Understanding Fire Districts in Suffolk County, New York: A Comprehensive Guide

Suffolk County, New York is home to 228 fire departments, serving a population of 1,497,595 people across an area of 912 square miles. This means that there is one fire department for every 6,568 people and one fire department for every 3 square miles. In the state of New York, there are 902 independent fire districts, each with a five-member board of fire commissioners elected by the public. Fire districts are public corporations created by a city or towns in accordance with Municipal Law. According to the Constitution of the State of New York, these districts are autonomous and independent municipal entities.

Fire district commissioners have the power to adopt rules and regulations that govern all fire departments and companies that provide fire protection services to residents and district properties. They also create and approve their own budgets, which are then presented to cities and counties for tax collection purposes. Unfortunately, few taxpayers attend fire district board meetings to comment on budget decisions. This means that the primary control over these decisions is through the selection of commissioners in the fire district elections. These elections are held during the winter months when inclement weather is most likely to deter voters.

They are limited to a few hours of voting in limited places on a single day, usually during prime time for families. In addition, fire district elections generally do not allow absentee voting, which means that older voters or people with physical disabilities cannot participate. Under Article 11, §175-a, once voters approve a proposal, fire districts may adopt additional voter registration requirements. In districts that elect (rather than nominate) their treasurer, the annual election may also include the election of a fire district treasurer. The five-year terms of fire district commissioners are staggered so that voters select a commissioner in each annual election, barring resignations and vacancies. Local government experts have long recognized that low participation rates in these elections are due to practical concerns about the way they are conducted. It is important for taxpayers to be aware of what is at stake in these elections and how they can make their voices heard.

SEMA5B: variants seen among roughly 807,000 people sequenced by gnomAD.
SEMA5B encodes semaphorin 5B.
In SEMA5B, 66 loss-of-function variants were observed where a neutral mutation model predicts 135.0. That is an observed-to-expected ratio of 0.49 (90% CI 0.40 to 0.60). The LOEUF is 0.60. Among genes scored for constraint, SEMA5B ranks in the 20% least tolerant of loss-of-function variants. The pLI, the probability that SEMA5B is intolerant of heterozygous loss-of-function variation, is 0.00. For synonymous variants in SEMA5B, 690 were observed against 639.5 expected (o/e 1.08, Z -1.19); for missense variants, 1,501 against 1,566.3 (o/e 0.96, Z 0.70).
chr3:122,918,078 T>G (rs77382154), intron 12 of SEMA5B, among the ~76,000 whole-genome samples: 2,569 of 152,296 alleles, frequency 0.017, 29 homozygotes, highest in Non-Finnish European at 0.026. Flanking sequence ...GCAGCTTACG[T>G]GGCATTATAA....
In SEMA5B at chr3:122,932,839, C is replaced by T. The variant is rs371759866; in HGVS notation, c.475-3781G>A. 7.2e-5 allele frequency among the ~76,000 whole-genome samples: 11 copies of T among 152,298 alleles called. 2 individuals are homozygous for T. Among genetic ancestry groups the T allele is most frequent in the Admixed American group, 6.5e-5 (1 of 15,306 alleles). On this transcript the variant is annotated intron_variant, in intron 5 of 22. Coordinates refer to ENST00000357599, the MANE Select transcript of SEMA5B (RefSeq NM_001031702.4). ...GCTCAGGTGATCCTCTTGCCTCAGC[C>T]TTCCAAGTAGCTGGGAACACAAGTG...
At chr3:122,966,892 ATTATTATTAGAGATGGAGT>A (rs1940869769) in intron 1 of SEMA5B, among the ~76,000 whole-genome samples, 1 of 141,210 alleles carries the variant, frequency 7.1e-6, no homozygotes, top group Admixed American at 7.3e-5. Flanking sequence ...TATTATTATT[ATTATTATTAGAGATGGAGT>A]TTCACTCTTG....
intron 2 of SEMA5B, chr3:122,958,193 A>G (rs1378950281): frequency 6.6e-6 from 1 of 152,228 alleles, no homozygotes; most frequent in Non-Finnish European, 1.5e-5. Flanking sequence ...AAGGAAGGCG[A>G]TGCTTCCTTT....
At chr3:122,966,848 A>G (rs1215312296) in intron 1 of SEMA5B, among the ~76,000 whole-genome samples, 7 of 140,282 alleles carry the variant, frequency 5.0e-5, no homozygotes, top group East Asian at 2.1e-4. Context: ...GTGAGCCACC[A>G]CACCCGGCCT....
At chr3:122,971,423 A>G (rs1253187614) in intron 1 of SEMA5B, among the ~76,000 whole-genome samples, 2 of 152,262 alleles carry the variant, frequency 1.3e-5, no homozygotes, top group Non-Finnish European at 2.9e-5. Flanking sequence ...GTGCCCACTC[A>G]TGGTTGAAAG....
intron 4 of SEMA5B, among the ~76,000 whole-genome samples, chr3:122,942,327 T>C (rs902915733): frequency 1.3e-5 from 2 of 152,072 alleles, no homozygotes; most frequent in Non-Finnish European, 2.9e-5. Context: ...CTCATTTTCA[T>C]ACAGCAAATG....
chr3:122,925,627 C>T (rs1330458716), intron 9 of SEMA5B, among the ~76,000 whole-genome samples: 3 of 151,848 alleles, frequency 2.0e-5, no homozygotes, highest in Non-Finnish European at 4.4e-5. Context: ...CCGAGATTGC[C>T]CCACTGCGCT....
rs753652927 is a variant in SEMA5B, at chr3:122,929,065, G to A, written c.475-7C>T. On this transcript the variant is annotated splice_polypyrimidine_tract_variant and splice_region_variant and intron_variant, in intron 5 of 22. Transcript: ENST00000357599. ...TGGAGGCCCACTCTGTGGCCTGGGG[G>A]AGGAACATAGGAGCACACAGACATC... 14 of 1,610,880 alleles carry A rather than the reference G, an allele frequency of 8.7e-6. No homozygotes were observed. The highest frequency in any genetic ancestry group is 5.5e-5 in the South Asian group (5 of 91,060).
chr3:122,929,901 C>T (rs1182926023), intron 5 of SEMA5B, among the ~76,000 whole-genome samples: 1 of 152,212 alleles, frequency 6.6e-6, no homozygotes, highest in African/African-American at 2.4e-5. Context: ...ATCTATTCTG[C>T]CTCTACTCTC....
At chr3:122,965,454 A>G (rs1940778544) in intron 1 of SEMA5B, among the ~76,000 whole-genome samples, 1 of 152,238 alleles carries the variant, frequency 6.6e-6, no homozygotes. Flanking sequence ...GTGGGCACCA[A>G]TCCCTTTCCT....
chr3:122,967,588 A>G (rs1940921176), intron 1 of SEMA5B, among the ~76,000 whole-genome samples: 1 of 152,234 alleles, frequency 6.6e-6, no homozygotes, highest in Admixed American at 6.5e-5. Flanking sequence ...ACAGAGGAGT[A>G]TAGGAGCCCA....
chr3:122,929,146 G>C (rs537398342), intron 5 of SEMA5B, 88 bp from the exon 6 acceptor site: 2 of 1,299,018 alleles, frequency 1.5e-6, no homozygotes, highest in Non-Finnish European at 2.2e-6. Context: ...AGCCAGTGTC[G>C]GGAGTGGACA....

Some cities and fire districts regularly publish and archive the results of the fire district elections on their websites. This publication provides an overview of fire district elections, when and where they are held, and what is at stake.

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